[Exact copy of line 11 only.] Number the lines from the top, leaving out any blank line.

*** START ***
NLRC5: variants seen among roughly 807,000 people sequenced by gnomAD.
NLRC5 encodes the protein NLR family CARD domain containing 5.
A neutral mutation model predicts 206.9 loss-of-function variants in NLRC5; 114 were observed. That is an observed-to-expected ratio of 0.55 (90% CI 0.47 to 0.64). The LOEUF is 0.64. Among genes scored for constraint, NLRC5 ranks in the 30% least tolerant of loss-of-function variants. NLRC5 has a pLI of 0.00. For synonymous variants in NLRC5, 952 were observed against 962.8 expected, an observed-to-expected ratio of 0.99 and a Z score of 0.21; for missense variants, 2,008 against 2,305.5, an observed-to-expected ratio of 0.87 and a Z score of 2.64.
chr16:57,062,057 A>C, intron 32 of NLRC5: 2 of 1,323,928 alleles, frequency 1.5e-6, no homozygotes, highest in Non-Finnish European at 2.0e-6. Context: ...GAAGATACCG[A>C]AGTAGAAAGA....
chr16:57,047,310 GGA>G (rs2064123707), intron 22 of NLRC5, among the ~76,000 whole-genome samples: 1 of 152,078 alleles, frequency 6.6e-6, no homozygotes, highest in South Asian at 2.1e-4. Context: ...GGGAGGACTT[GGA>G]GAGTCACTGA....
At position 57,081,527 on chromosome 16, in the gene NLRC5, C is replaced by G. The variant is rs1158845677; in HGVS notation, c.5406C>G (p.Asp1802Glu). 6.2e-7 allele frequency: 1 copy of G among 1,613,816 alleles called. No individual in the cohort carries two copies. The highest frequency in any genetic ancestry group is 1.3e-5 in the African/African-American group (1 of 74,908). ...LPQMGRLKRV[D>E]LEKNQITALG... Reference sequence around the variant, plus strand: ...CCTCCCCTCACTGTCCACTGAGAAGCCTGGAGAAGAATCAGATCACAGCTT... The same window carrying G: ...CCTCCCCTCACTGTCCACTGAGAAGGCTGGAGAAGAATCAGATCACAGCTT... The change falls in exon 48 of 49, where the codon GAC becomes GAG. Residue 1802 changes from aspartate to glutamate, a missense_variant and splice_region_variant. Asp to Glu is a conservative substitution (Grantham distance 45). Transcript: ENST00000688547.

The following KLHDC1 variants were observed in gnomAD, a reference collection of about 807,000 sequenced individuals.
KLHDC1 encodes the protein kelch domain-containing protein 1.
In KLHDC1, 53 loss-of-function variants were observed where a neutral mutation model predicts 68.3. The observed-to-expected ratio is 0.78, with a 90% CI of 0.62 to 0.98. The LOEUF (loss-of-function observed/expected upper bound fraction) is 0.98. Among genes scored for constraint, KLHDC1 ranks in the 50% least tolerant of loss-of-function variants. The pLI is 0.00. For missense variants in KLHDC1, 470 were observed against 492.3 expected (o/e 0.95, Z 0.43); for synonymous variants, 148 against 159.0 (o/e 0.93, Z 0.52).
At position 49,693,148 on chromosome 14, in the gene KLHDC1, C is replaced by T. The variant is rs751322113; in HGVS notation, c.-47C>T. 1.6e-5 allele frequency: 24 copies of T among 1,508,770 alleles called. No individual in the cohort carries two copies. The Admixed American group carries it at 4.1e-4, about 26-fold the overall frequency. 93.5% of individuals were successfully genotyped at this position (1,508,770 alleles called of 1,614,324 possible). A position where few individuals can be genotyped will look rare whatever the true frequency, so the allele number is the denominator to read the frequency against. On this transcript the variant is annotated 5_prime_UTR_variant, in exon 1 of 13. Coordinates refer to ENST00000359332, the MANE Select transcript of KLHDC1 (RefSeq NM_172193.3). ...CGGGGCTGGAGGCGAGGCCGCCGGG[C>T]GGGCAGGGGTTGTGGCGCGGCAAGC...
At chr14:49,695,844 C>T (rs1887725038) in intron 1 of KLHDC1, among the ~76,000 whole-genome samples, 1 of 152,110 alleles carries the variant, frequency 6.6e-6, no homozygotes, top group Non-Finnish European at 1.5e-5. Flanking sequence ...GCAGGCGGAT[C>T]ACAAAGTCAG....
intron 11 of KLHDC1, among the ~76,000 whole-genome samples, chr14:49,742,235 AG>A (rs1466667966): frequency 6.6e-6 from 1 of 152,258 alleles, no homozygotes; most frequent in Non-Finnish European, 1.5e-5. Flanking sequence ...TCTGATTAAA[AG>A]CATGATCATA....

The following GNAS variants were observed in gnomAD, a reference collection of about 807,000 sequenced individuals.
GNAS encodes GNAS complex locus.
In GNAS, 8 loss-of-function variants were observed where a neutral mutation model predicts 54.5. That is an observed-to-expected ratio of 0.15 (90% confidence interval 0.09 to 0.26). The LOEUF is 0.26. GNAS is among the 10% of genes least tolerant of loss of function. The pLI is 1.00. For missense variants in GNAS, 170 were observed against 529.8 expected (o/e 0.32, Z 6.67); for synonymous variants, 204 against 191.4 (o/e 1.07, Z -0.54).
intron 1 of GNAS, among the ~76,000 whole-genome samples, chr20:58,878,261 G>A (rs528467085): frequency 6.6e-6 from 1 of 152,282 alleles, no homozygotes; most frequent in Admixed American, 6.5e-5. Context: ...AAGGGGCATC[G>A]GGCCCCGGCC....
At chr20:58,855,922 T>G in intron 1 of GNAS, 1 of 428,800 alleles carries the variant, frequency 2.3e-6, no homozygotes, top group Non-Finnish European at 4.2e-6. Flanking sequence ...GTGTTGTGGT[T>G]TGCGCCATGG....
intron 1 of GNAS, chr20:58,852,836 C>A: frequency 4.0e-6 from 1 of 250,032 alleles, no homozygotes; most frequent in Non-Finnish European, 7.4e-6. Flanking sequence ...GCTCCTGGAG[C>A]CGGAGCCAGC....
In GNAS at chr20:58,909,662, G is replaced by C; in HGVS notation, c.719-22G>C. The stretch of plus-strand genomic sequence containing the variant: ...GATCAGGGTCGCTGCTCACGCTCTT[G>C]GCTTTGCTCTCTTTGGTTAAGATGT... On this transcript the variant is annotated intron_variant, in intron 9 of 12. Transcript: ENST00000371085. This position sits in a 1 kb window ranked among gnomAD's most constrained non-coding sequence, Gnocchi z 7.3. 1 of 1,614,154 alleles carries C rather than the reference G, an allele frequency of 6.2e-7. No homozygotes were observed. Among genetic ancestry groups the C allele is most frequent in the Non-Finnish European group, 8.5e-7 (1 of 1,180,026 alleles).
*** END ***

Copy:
At chr14:49,695,844 C>T (rs1887725038) in intron 1 of KLHDC1, among the ~76,000 whole-genome samples, 1 of 152,110 alleles carries the variant, frequency 6.6e-6, no homozygotes, top group Non-Finnish European at 1.5e-5. Flanking sequence ...GCAGGCGGAT[C>T]ACAAAGTCAG....